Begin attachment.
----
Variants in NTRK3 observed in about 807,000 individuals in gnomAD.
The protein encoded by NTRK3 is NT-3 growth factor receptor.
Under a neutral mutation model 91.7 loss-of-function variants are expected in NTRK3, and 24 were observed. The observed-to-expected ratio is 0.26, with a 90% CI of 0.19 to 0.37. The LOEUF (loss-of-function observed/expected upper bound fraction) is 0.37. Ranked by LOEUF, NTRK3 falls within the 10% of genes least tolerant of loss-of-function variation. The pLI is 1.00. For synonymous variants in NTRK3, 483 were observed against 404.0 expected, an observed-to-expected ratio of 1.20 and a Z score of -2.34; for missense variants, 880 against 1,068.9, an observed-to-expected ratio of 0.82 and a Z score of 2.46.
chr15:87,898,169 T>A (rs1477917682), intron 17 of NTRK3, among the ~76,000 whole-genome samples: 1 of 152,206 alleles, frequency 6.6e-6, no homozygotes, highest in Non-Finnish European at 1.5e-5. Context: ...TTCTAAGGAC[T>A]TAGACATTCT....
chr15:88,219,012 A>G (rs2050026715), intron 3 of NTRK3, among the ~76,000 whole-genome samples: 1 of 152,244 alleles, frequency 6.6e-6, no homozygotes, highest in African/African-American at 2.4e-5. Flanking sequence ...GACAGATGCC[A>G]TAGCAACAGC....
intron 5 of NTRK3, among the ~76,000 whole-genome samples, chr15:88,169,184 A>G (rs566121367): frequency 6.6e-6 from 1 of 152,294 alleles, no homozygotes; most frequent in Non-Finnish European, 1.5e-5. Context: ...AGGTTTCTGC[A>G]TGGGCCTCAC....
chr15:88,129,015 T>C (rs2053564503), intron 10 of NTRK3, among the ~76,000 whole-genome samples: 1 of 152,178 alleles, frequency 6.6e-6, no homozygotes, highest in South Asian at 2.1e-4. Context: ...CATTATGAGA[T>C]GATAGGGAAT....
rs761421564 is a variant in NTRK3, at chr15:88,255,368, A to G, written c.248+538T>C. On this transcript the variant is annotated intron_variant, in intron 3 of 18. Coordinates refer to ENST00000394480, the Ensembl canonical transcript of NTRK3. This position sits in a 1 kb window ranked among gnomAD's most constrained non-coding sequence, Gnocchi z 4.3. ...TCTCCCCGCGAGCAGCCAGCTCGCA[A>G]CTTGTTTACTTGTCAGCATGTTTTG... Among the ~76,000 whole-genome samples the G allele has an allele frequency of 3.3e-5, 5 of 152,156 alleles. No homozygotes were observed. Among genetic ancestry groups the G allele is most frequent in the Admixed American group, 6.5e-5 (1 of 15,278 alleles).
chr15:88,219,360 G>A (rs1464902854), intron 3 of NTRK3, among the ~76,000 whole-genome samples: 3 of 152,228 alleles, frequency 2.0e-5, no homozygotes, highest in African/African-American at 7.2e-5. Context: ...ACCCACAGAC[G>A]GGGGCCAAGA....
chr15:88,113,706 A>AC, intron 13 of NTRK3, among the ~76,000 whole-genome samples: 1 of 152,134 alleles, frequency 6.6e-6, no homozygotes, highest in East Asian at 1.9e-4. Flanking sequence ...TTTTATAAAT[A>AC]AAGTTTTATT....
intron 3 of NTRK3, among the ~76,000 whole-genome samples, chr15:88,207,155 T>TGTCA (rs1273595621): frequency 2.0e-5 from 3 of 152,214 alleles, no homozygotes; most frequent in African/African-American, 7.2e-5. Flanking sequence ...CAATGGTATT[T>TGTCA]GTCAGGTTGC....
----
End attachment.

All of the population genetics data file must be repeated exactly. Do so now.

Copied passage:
Variants in NTRK3 observed in about 807,000 individuals in gnomAD.
The protein encoded by NTRK3 is NT-3 growth factor receptor.
Under a neutral mutation model 91.7 loss-of-function variants are expected in NTRK3, and 24 were observed. The observed-to-expected ratio is 0.26, with a 90% CI of 0.19 to 0.37. The LOEUF (loss-of-function observed/expected upper bound fraction) is 0.37. Ranked by LOEUF, NTRK3 falls within the 10% of genes least tolerant of loss-of-function variation. The pLI is 1.00. For synonymous variants in NTRK3, 483 were observed against 404.0 expected, an observed-to-expected ratio of 1.20 and a Z score of -2.34; for missense variants, 880 against 1,068.9, an observed-to-expected ratio of 0.82 and a Z score of 2.46.
chr15:87,898,169 T>A (rs1477917682), intron 17 of NTRK3, among the ~76,000 whole-genome samples: 1 of 152,206 alleles, frequency 6.6e-6, no homozygotes, highest in Non-Finnish European at 1.5e-5. Context: ...TTCTAAGGAC[T>A]TAGACATTCT....
chr15:88,219,012 A>G (rs2050026715), intron 3 of NTRK3, among the ~76,000 whole-genome samples: 1 of 152,244 alleles, frequency 6.6e-6, no homozygotes, highest in African/African-American at 2.4e-5. Flanking sequence ...GACAGATGCC[A>G]TAGCAACAGC....
intron 5 of NTRK3, among the ~76,000 whole-genome samples, chr15:88,169,184 A>G (rs566121367): frequency 6.6e-6 from 1 of 152,294 alleles, no homozygotes; most frequent in Non-Finnish European, 1.5e-5. Context: ...AGGTTTCTGC[A>G]TGGGCCTCAC....
chr15:88,129,015 T>C (rs2053564503), intron 10 of NTRK3, among the ~76,000 whole-genome samples: 1 of 152,178 alleles, frequency 6.6e-6, no homozygotes, highest in South Asian at 2.1e-4. Context: ...CATTATGAGA[T>C]GATAGGGAAT....
rs761421564 is a variant in NTRK3, at chr15:88,255,368, A to G, written c.248+538T>C. On this transcript the variant is annotated intron_variant, in intron 3 of 18. Coordinates refer to ENST00000394480, the Ensembl canonical transcript of NTRK3. This position sits in a 1 kb window ranked among gnomAD's most constrained non-coding sequence, Gnocchi z 4.3. ...TCTCCCCGCGAGCAGCCAGCTCGCA[A>G]CTTGTTTACTTGTCAGCATGTTTTG... Among the ~76,000 whole-genome samples the G allele has an allele frequency of 3.3e-5, 5 of 152,156 alleles. No homozygotes were observed. Among genetic ancestry groups the G allele is most frequent in the Admixed American group, 6.5e-5 (1 of 15,278 alleles).
chr15:88,219,360 G>A (rs1464902854), intron 3 of NTRK3, among the ~76,000 whole-genome samples: 3 of 152,228 alleles, frequency 2.0e-5, no homozygotes, highest in African/African-American at 7.2e-5. Context: ...ACCCACAGAC[G>A]GGGGCCAAGA....
chr15:88,113,706 A>AC, intron 13 of NTRK3, among the ~76,000 whole-genome samples: 1 of 152,134 alleles, frequency 6.6e-6, no homozygotes, highest in East Asian at 1.9e-4. Flanking sequence ...TTTTATAAAT[A>AC]AAGTTTTATT....
intron 3 of NTRK3, among the ~76,000 whole-genome samples, chr15:88,207,155 T>TGTCA (rs1273595621): frequency 2.0e-5 from 3 of 152,214 alleles, no homozygotes; most frequent in African/African-American, 7.2e-5. Flanking sequence ...CAATGGTATT[T>TGTCA]GTCAGGTTGC....